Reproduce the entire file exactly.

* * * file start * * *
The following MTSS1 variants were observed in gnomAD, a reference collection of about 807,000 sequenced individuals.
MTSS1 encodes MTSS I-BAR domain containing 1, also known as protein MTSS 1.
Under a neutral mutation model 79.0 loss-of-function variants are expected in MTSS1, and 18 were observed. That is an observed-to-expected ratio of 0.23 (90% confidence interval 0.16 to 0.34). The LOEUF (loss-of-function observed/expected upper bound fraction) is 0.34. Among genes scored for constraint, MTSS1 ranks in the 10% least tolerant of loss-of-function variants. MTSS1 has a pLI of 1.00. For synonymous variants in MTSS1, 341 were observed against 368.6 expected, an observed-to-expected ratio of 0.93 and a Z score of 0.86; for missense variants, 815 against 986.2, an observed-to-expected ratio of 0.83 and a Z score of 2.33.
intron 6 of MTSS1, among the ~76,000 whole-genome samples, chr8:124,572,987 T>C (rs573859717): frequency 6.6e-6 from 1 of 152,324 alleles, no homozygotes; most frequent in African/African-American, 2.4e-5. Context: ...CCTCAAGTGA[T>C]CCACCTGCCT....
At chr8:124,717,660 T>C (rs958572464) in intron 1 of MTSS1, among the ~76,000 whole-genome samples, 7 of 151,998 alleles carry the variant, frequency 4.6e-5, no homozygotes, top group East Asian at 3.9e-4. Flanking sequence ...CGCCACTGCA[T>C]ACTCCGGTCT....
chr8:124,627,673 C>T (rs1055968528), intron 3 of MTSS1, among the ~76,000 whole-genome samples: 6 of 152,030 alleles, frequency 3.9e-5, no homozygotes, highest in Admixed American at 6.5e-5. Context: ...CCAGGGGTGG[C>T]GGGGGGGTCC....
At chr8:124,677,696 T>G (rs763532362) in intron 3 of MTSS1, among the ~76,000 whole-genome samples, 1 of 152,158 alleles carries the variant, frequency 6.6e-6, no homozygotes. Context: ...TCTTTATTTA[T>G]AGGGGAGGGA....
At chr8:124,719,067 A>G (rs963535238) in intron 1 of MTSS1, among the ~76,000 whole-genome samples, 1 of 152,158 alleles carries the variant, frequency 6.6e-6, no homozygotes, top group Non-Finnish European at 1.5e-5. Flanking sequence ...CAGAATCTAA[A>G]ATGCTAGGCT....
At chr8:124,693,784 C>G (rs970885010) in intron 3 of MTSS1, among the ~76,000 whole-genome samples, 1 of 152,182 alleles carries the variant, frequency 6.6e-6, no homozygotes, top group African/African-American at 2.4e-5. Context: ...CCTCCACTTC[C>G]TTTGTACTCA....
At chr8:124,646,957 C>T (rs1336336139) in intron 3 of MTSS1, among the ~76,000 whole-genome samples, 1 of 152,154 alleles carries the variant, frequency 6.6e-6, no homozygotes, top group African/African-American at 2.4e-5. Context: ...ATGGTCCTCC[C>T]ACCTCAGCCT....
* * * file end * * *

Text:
The following MTSS1 variants were observed in gnomAD, a reference collection of about 807,000 sequenced individuals.
MTSS1 encodes MTSS I-BAR domain containing 1, also known as protein MTSS 1.
Under a neutral mutation model 79.0 loss-of-function variants are expected in MTSS1, and 18 were observed. That is an observed-to-expected ratio of 0.23 (90% confidence interval 0.16 to 0.34). The LOEUF (loss-of-function observed/expected upper bound fraction) is 0.34. Among genes scored for constraint, MTSS1 ranks in the 10% least tolerant of loss-of-function variants. MTSS1 has a pLI of 1.00. For synonymous variants in MTSS1, 341 were observed against 368.6 expected, an observed-to-expected ratio of 0.93 and a Z score of 0.86; for missense variants, 815 against 986.2, an observed-to-expected ratio of 0.83 and a Z score of 2.33.
intron 6 of MTSS1, among the ~76,000 whole-genome samples, chr8:124,572,987 T>C (rs573859717): frequency 6.6e-6 from 1 of 152,324 alleles, no homozygotes; most frequent in African/African-American, 2.4e-5. Context: ...CCTCAAGTGA[T>C]CCACCTGCCT....
At chr8:124,717,660 T>C (rs958572464) in intron 1 of MTSS1, among the ~76,000 whole-genome samples, 7 of 151,998 alleles carry the variant, frequency 4.6e-5, no homozygotes, top group East Asian at 3.9e-4. Flanking sequence ...CGCCACTGCA[T>C]ACTCCGGTCT....
chr8:124,627,673 C>T (rs1055968528), intron 3 of MTSS1, among the ~76,000 whole-genome samples: 6 of 152,030 alleles, frequency 3.9e-5, no homozygotes, highest in Admixed American at 6.5e-5. Context: ...CCAGGGGTGG[C>T]GGGGGGGTCC....
At chr8:124,677,696 T>G (rs763532362) in intron 3 of MTSS1, among the ~76,000 whole-genome samples, 1 of 152,158 alleles carries the variant, frequency 6.6e-6, no homozygotes. Context: ...TCTTTATTTA[T>G]AGGGGAGGGA....
At chr8:124,719,067 A>G (rs963535238) in intron 1 of MTSS1, among the ~76,000 whole-genome samples, 1 of 152,158 alleles carries the variant, frequency 6.6e-6, no homozygotes, top group Non-Finnish European at 1.5e-5. Flanking sequence ...CAGAATCTAA[A>G]ATGCTAGGCT....
At chr8:124,693,784 C>G (rs970885010) in intron 3 of MTSS1, among the ~76,000 whole-genome samples, 1 of 152,182 alleles carries the variant, frequency 6.6e-6, no homozygotes, top group African/African-American at 2.4e-5. Context: ...CCTCCACTTC[C>G]TTTGTACTCA....
At chr8:124,646,957 C>T (rs1336336139) in intron 3 of MTSS1, among the ~76,000 whole-genome samples, 1 of 152,154 alleles carries the variant, frequency 6.6e-6, no homozygotes, top group African/African-American at 2.4e-5. Context: ...ATGGTCCTCC[C>T]ACCTCAGCCT....